Rudd’s had a good few weeks in the polls and the media, and things are looking up for the ALP. What do I think is going on here?
Firstly, I have a lot of time for Mumble, blogging at the Australian. Despite being a definite Rudd supporter, I think he’s calling things as they are. His view is that Rudd is assuming as much authority as possible, and looking as prime ministerial as possible, so that he can campaign as an incumbent. And he’s definitely doing that, moving into Yarralumla, holding a tea session with all the ambassadors in Canberra, and rushing around declaring stuff.
He’s also going out of his way to cauterise all the wounds, and campaign as though Julia never happened. In fact, as though the first 3 years of Rudd never happened either – without a hint of shame he’s campaigning as though he had no record that he needed to defend. It’s an interesting mix – claim the authority of being Prime Minister, but claim none of the baggage of incumbency. If he can pull it off, if the media let him pull it off, he could be in with a good shot.
Let’s look at some of the detail here:
- NSW Labor. The problem is that the corruption in NSW is dragging down the numbers in that state. So giving the impression of taking stern action to deal with the problems is critical to recovering vote share. The fact that what he’s doing is pure window dressing that has no impact at all (taking over the party for 30 days, changing a few rules to stop people from doing things that have nothing to do with the actual corruption, then giving it back) does not appear to be visible. This will help.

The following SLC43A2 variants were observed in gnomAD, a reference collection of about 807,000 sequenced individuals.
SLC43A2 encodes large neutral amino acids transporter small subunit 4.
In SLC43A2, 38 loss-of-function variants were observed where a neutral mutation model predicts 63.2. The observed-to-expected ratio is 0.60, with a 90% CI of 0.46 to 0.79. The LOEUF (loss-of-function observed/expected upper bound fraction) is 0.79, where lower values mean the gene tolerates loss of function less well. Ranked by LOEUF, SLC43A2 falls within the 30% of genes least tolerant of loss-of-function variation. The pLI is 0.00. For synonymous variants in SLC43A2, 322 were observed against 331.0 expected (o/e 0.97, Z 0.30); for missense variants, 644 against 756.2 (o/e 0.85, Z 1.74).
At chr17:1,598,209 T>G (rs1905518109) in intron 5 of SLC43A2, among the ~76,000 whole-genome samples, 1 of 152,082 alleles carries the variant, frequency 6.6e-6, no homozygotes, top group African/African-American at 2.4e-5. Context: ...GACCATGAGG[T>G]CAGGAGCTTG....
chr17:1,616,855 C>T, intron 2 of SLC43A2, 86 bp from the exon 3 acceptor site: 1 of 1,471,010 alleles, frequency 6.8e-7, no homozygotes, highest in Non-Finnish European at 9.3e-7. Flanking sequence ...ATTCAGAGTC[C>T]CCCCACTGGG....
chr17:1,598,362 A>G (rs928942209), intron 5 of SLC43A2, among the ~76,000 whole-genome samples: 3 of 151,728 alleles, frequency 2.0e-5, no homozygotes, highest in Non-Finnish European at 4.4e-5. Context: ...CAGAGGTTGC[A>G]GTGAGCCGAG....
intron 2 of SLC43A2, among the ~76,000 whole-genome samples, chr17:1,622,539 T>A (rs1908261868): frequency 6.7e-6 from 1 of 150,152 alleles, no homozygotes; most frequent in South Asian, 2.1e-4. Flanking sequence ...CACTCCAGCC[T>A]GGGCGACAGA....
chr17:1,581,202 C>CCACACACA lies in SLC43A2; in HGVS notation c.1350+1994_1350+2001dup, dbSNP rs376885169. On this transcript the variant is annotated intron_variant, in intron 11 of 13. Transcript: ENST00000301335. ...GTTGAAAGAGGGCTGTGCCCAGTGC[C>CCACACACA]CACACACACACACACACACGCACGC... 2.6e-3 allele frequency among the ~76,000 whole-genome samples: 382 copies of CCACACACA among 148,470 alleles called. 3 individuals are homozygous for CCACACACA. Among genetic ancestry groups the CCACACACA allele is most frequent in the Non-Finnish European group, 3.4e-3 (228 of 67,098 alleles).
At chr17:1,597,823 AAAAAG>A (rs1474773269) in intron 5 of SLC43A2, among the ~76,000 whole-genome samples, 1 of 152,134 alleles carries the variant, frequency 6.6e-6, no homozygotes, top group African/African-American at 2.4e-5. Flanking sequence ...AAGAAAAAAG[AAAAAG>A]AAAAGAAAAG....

- Shifting the carbon tax to a floating carbon credit scheme early. The fact this creates a large budget black hole can be ignored apparently.
- Creating an accord style agreement with business and unions to work on productivity. No mention of the fact that productivity is dropping largely because of the laws that Labor changed, no discussion of the fact that in his first term he created a zillion enquiries and commissions that delivered nothing. Productivity is something that the papers talk about as a problem, he’s doing something, that’s enough
- No more class warfare. You make this true by just saying it, not by changing the policies that were creating it. Interesting.
- Changing the way the leader of the ALP is elected, partly to so that the party can’t sack him, partly because it gives the illusion of doing something. The changes are probably positive, but they don’t do what he’s claiming
- Challenging Abbott to a debate. Debates happen during election campaigns. He’s chosen to take back the prerogative on setting the election date, what comes with that is that you can’t have debates until you announce the date. He’s again trying to both have the benefits of incumbency whilst still acting like the fresh new guy
I don’t think this can all last. The first blush will wear off, and people will realise that they really don’t like listening to Rudd drone on about nothing with lofty ideas and no delivery. Hopefully. And the opposition are wise to keep their heads down a bit during this period, let him rush around announcing stuff, then point out that it’s all just piss and wind, and no delivery. The only things he delivered were pink batts and an education revolution, we’re paying for those now.